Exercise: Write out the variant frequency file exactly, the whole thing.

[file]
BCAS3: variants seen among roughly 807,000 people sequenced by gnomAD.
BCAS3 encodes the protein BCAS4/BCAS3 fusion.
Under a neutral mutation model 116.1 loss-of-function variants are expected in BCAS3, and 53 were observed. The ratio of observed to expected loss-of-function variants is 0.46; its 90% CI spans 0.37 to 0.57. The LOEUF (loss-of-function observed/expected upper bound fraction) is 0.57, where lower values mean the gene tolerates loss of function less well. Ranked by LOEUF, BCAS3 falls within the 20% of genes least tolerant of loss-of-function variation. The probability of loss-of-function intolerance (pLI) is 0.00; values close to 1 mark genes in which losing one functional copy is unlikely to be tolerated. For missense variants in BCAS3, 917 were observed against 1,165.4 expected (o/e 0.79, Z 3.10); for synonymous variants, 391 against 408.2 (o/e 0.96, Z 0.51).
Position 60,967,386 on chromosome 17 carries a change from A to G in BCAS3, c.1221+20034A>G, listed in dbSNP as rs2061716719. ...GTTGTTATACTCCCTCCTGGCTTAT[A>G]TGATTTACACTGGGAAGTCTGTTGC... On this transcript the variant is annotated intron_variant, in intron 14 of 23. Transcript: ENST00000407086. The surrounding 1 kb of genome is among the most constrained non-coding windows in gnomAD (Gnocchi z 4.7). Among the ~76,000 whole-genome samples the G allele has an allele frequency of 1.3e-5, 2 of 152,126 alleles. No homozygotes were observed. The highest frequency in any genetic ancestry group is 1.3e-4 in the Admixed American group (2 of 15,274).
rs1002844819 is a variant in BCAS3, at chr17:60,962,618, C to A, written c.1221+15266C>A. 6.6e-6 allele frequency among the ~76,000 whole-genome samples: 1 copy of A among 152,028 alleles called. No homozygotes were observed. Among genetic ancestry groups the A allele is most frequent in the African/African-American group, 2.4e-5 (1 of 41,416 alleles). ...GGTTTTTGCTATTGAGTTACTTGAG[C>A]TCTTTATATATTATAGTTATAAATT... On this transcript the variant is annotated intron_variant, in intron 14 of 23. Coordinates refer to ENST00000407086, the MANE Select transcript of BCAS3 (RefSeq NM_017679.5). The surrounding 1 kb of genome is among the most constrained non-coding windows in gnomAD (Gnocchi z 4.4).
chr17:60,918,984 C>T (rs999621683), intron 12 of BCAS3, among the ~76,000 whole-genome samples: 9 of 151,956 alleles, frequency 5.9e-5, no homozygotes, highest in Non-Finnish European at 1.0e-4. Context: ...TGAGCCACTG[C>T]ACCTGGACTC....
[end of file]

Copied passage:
BCAS3: variants seen among roughly 807,000 people sequenced by gnomAD.
BCAS3 encodes the protein BCAS4/BCAS3 fusion.
Under a neutral mutation model 116.1 loss-of-function variants are expected in BCAS3, and 53 were observed. The ratio of observed to expected loss-of-function variants is 0.46; its 90% CI spans 0.37 to 0.57. The LOEUF (loss-of-function observed/expected upper bound fraction) is 0.57, where lower values mean the gene tolerates loss of function less well. Ranked by LOEUF, BCAS3 falls within the 20% of genes least tolerant of loss-of-function variation. The probability of loss-of-function intolerance (pLI) is 0.00; values close to 1 mark genes in which losing one functional copy is unlikely to be tolerated. For missense variants in BCAS3, 917 were observed against 1,165.4 expected (o/e 0.79, Z 3.10); for synonymous variants, 391 against 408.2 (o/e 0.96, Z 0.51).
Position 60,967,386 on chromosome 17 carries a change from A to G in BCAS3, c.1221+20034A>G, listed in dbSNP as rs2061716719. ...GTTGTTATACTCCCTCCTGGCTTAT[A>G]TGATTTACACTGGGAAGTCTGTTGC... On this transcript the variant is annotated intron_variant, in intron 14 of 23. Transcript: ENST00000407086. The surrounding 1 kb of genome is among the most constrained non-coding windows in gnomAD (Gnocchi z 4.7). Among the ~76,000 whole-genome samples the G allele has an allele frequency of 1.3e-5, 2 of 152,126 alleles. No homozygotes were observed. The highest frequency in any genetic ancestry group is 1.3e-4 in the Admixed American group (2 of 15,274).
rs1002844819 is a variant in BCAS3, at chr17:60,962,618, C to A, written c.1221+15266C>A. 6.6e-6 allele frequency among the ~76,000 whole-genome samples: 1 copy of A among 152,028 alleles called. No homozygotes were observed. Among genetic ancestry groups the A allele is most frequent in the African/African-American group, 2.4e-5 (1 of 41,416 alleles). ...GGTTTTTGCTATTGAGTTACTTGAG[C>A]TCTTTATATATTATAGTTATAAATT... On this transcript the variant is annotated intron_variant, in intron 14 of 23. Coordinates refer to ENST00000407086, the MANE Select transcript of BCAS3 (RefSeq NM_017679.5). The surrounding 1 kb of genome is among the most constrained non-coding windows in gnomAD (Gnocchi z 4.4).
chr17:60,918,984 C>T (rs999621683), intron 12 of BCAS3, among the ~76,000 whole-genome samples: 9 of 151,956 alleles, frequency 5.9e-5, no homozygotes, highest in Non-Finnish European at 1.0e-4. Context: ...TGAGCCACTG[C>T]ACCTGGACTC....